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Psychol Aging. 2002 Mar;17(1):56-71.

Differences in the functional neuroanatomy of inhibitory control across the adult life span.

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  • 1Department of Psychology and the Integrative Neuroscience Research Center, Marquette University and Medical College of Wisconsin, Milwaukee 53201, USA.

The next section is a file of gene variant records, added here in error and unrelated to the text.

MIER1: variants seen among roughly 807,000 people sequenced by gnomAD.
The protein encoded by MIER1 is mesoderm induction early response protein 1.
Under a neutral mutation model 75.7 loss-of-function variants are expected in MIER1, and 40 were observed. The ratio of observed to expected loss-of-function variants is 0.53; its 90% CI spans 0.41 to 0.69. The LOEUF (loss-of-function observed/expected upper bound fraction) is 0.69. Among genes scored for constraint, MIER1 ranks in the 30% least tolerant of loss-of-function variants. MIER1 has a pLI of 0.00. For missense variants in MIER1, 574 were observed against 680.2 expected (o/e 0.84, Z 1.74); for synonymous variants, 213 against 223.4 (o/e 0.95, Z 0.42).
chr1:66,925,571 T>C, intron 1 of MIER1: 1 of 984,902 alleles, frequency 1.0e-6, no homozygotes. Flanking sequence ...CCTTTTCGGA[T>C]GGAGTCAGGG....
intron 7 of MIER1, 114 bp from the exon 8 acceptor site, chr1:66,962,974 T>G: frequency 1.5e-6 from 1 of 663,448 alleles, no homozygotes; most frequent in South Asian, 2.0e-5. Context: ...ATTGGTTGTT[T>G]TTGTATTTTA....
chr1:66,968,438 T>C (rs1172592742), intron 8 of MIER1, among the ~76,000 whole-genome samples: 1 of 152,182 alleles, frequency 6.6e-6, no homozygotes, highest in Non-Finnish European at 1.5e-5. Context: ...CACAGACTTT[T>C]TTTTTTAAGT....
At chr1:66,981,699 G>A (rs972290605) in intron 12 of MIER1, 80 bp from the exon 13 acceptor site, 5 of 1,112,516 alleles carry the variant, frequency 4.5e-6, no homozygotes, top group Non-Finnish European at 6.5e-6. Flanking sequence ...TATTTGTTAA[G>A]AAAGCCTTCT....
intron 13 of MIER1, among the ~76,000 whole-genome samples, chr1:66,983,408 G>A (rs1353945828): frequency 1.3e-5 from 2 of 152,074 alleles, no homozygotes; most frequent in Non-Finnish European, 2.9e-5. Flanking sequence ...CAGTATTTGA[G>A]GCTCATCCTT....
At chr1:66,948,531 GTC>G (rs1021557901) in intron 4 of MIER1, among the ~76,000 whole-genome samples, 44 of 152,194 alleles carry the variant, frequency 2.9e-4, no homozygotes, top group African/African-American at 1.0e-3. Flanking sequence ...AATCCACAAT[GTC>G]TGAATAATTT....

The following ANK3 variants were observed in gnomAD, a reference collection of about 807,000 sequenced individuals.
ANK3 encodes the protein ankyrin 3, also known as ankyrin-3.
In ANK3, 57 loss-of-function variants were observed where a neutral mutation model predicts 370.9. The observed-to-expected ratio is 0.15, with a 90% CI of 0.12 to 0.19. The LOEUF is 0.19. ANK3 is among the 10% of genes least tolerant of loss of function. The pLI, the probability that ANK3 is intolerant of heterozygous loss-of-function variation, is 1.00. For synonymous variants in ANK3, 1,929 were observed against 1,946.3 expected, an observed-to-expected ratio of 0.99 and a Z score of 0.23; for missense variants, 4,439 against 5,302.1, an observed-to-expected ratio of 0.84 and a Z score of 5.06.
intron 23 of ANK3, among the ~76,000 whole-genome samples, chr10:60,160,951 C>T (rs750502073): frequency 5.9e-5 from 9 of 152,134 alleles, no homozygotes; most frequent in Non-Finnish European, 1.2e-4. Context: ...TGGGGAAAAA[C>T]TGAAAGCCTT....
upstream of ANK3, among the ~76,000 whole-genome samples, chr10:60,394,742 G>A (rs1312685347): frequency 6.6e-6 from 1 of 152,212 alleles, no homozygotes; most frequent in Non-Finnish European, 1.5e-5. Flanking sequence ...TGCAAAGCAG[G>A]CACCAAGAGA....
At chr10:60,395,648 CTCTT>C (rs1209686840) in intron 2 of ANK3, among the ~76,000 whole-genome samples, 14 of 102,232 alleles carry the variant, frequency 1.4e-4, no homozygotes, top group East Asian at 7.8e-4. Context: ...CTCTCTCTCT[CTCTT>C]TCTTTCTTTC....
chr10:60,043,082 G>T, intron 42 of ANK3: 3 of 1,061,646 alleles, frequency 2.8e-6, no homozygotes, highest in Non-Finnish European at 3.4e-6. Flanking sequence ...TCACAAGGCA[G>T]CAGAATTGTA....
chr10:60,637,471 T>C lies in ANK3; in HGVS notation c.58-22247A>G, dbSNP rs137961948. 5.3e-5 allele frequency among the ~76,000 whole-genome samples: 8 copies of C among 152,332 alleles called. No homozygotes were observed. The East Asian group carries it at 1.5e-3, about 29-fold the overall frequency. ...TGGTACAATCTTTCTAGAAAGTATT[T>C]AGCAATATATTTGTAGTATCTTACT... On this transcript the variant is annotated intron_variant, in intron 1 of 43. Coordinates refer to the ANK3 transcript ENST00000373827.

Inhibitory control, the ability to suppress irrelevant or interfering stimuli, is a fundamental cognitive function that deteriorates during aging, but little is understood about the bases of decline. Thus, we used event-related functional magnetic resonance imaging (fMRI) to study inhibitory control in healthy adults aged 18 to 78. Activation during "successful inhibition" occurred predominantly in right prefrontal and parietal regions and was more extensive, bilaterally and prefrontally, in the older groups. Presupplementary motor area was also more active in poorer inhibitory performers. Therefore, older adults activate areas that are comparable to those activated by young adults during inhibition, as well as additional regions. The results are consistent with a compensatory interpretation and extend the aging neuroimaging literature into the cognitive domain of inhibition.

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